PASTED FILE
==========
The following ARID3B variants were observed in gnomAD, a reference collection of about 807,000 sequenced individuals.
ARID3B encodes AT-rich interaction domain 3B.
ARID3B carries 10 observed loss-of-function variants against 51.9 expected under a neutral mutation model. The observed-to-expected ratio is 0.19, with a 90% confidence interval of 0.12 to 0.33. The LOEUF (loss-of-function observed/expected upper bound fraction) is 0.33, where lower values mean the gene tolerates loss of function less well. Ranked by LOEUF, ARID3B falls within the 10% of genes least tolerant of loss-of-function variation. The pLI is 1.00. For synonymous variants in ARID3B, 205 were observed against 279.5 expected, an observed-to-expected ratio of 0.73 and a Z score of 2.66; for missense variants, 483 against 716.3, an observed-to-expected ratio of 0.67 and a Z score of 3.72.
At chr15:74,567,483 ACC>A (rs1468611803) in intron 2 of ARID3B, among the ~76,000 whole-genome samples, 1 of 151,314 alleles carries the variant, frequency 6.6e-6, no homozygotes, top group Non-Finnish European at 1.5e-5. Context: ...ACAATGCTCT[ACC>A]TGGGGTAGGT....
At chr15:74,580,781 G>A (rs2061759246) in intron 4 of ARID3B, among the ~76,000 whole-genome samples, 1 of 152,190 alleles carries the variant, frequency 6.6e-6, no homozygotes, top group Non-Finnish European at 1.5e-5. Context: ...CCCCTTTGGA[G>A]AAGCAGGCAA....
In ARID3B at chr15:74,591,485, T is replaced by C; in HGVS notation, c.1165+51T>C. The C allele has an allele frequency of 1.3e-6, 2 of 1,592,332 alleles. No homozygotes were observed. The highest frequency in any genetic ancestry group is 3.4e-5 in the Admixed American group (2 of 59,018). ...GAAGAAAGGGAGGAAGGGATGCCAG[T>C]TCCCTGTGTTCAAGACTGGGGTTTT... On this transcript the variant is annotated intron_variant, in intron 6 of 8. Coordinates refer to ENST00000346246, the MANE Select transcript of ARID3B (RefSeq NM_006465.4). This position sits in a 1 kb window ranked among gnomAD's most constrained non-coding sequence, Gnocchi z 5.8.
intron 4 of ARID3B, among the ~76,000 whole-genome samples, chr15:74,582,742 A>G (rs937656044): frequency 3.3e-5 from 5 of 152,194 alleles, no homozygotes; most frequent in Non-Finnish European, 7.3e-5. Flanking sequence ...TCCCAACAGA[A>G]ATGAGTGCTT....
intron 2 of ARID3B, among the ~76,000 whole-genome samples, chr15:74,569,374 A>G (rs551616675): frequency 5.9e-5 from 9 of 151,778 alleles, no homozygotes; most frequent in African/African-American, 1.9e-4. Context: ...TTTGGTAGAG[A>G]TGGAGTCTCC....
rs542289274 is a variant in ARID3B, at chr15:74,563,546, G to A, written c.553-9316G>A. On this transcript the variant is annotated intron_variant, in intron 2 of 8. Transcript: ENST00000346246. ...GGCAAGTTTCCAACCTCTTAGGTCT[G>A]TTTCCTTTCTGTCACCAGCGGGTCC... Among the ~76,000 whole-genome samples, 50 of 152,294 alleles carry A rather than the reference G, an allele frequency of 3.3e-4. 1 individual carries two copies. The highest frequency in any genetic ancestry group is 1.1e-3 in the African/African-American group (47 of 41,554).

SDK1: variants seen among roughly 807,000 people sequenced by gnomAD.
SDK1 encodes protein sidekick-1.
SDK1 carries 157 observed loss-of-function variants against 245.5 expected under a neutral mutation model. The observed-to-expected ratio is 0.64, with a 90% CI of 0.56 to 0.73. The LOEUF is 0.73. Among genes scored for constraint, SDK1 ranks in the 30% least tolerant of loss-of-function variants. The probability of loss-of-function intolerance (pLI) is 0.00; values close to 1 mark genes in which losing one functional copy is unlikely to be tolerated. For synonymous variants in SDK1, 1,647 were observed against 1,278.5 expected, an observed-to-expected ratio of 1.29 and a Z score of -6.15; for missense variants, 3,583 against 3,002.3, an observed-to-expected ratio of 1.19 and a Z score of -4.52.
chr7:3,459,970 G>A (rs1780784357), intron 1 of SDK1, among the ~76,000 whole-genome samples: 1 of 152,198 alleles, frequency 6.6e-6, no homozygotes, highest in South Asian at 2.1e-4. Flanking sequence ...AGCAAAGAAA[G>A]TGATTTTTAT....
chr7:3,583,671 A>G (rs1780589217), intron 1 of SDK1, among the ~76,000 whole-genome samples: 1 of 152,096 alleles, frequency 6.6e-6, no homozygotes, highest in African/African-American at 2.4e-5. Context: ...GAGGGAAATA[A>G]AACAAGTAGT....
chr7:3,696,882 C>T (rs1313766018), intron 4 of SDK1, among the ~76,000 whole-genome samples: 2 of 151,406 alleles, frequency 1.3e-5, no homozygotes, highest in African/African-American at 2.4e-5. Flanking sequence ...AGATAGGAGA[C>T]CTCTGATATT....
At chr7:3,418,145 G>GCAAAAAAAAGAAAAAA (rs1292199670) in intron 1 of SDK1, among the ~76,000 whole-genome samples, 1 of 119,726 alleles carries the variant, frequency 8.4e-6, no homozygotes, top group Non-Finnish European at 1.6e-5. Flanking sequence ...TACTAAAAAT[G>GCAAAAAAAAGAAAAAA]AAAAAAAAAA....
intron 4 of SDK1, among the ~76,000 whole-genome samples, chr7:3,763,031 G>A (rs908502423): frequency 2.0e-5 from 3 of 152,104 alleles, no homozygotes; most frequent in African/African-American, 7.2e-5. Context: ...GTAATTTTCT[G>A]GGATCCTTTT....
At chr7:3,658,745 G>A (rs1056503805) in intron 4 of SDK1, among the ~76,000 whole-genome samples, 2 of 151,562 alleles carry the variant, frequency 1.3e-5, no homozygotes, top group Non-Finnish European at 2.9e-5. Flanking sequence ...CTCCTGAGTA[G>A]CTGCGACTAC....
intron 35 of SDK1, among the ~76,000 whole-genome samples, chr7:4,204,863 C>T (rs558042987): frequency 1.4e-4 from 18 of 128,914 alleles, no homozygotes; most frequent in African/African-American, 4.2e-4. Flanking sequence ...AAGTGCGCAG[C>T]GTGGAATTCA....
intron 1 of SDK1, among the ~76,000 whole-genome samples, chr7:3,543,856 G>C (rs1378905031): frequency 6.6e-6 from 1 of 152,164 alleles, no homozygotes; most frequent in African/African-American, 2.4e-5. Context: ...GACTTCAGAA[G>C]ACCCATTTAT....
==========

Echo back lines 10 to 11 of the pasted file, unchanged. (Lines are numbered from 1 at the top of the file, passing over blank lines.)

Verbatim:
SDK1: variants seen among roughly 807,000 people sequenced by gnomAD.
SDK1 encodes protein sidekick-1.